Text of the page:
The most impressive square in this historic city is doubtless the spacious Piazza dei Signori. Two notable architectural constructions, Palazzo del Monte di Pietà and Basilica Palladiana, stand there almost face to face. Completed in the mid-16th century, the former has balconied mezzanines with rows of shops in the long stretch of its ground floor (this phenomenon of chic boutiques on the ground floors of historic buildings are a common sight in Italy), while the latter accommodates in itself the Pallazo Della Ragione of the late Gothic period, with its loggias built by Palladio—the work began in 1546 and ended in 1614, 34 years after the architect’s demise.

Along with art and architecture, Vicenza could well be a coveted destination for golfers and for oenophiles too. My brief visit for an early dinner invitation that evening at the Golf Club Colli Berici compels me in retrospect to recommend this game field, which lies hidden from outside amidst lush natural beauty. Moreover, its big restaurant has master chefs who cater to both non-vegetarian and vegetarian taste buds (www.golfclubcolliberici.it).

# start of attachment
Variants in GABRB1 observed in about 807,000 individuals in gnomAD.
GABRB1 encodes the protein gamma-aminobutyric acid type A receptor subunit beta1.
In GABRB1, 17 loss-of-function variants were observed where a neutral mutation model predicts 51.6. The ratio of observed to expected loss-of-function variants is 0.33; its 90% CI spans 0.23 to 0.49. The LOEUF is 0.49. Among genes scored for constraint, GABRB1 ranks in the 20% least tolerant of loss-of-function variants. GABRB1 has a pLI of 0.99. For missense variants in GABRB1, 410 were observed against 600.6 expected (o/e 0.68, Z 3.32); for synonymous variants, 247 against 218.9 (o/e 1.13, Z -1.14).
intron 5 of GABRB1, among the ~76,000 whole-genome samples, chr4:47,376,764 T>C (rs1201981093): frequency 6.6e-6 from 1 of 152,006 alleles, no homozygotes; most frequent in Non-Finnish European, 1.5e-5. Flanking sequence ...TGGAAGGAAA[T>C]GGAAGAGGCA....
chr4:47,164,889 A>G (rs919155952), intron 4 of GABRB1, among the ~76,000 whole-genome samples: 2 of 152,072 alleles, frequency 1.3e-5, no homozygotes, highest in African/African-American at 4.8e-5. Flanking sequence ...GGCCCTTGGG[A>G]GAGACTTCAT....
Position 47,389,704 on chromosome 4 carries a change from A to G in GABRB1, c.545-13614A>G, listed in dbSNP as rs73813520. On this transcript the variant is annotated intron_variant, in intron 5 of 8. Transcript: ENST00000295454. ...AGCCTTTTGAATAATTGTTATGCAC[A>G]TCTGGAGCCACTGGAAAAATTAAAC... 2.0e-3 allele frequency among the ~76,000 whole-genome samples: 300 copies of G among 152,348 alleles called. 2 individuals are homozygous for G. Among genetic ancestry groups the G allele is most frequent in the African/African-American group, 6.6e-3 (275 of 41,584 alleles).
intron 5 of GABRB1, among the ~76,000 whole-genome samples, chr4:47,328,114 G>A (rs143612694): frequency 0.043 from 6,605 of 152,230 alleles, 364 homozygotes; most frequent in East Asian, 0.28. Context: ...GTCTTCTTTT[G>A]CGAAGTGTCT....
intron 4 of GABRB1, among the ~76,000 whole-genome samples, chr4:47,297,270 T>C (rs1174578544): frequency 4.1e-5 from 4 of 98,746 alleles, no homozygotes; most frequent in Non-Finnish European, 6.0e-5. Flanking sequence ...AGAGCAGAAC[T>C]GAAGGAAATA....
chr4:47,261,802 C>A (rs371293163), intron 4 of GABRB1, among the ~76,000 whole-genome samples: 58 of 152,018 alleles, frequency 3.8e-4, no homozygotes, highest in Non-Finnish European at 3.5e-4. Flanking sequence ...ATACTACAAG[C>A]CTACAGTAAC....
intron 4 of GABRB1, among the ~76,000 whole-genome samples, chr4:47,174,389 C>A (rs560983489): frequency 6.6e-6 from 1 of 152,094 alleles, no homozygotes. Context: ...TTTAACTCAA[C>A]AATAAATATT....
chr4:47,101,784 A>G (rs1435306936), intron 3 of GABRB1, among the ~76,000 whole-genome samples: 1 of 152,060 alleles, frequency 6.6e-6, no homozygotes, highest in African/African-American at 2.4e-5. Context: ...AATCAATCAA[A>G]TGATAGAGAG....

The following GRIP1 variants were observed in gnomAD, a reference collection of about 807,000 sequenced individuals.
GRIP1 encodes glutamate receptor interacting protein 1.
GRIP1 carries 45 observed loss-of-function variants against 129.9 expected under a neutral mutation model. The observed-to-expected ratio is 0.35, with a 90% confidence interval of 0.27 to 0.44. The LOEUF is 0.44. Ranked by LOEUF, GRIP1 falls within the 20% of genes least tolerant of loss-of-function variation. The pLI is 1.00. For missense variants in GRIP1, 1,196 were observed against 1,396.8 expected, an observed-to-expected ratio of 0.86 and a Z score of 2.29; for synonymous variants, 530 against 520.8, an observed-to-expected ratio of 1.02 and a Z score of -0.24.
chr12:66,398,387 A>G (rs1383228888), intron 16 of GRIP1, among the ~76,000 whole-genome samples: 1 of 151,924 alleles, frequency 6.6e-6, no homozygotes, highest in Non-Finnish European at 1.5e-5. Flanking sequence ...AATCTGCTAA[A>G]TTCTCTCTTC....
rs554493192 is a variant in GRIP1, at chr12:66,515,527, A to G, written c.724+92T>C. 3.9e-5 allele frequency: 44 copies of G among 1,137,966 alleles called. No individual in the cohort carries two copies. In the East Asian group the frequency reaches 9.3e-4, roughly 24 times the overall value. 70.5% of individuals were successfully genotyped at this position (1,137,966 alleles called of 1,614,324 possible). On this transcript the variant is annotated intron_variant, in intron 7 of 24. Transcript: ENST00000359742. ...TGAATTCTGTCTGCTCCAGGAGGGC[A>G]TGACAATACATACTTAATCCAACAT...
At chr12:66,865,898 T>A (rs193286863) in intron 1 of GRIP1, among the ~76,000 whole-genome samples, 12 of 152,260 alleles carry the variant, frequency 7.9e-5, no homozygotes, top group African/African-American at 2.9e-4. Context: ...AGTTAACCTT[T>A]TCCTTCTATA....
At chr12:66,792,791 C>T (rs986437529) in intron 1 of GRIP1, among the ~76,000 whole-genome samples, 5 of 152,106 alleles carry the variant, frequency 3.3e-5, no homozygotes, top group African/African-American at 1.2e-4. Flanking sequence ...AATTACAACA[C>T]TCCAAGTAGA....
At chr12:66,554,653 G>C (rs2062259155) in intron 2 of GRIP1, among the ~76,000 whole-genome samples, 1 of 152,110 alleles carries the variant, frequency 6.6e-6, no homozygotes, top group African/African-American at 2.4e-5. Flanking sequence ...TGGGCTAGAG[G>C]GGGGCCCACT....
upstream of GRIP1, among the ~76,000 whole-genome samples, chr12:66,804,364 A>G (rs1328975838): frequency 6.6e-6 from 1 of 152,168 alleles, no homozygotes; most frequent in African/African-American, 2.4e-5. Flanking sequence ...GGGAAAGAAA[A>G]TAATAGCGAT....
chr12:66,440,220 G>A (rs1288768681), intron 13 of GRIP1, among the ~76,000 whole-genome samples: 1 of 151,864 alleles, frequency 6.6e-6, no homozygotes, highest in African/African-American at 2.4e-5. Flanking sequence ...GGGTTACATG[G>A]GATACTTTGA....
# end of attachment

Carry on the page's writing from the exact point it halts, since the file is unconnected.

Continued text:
Next day, I headed for Bassano del Grappa and dropped by at the renowned Poli distillery, that produces the typical grappa of the region. Jacopo Poli, the present helmsman of the enterprise, explained that “the quality of a grappa depends primarily on the quality of the grape marc. It is the skins of the grapes that are vital in the production of grappa which form a spongy mass rich in aroma and full of sugary alcohol.” He also added that “although grappa is known worldwide as a perfect grape-based Italian brandy of sorts, what is not so well known is that it can also be mixed with other culinary ingredients to prepare delectable dishes—for example, in pastry-making”. The adjoining Poli Grappa Museum is a veritable storehouse of information on everything about the Italian grappa, explained in booklets and on hanging boards, in Italian and English. The museum also presents classified varieties of grappa, stored in bottles of different shapes and periods.

Winemaking has also been done in Italy over generations by families like the Zonin family, which began winemaking nearly 200 years ago. Casa Vinicola Zonin is one of the largest family-owned wine companies in Italy and one of the most important in Europe. Among its nine wine estates spread over a total of 4,000 hectares, and located in seven wine regions of the country, I visited the one in Gambellara in Vicenza. What was most rewarding about the visit was that I got a chance not only to taste the varied home-grown drinks, but also to learn much about producing and preparing them from the exhibits and literature at the estate’s museum.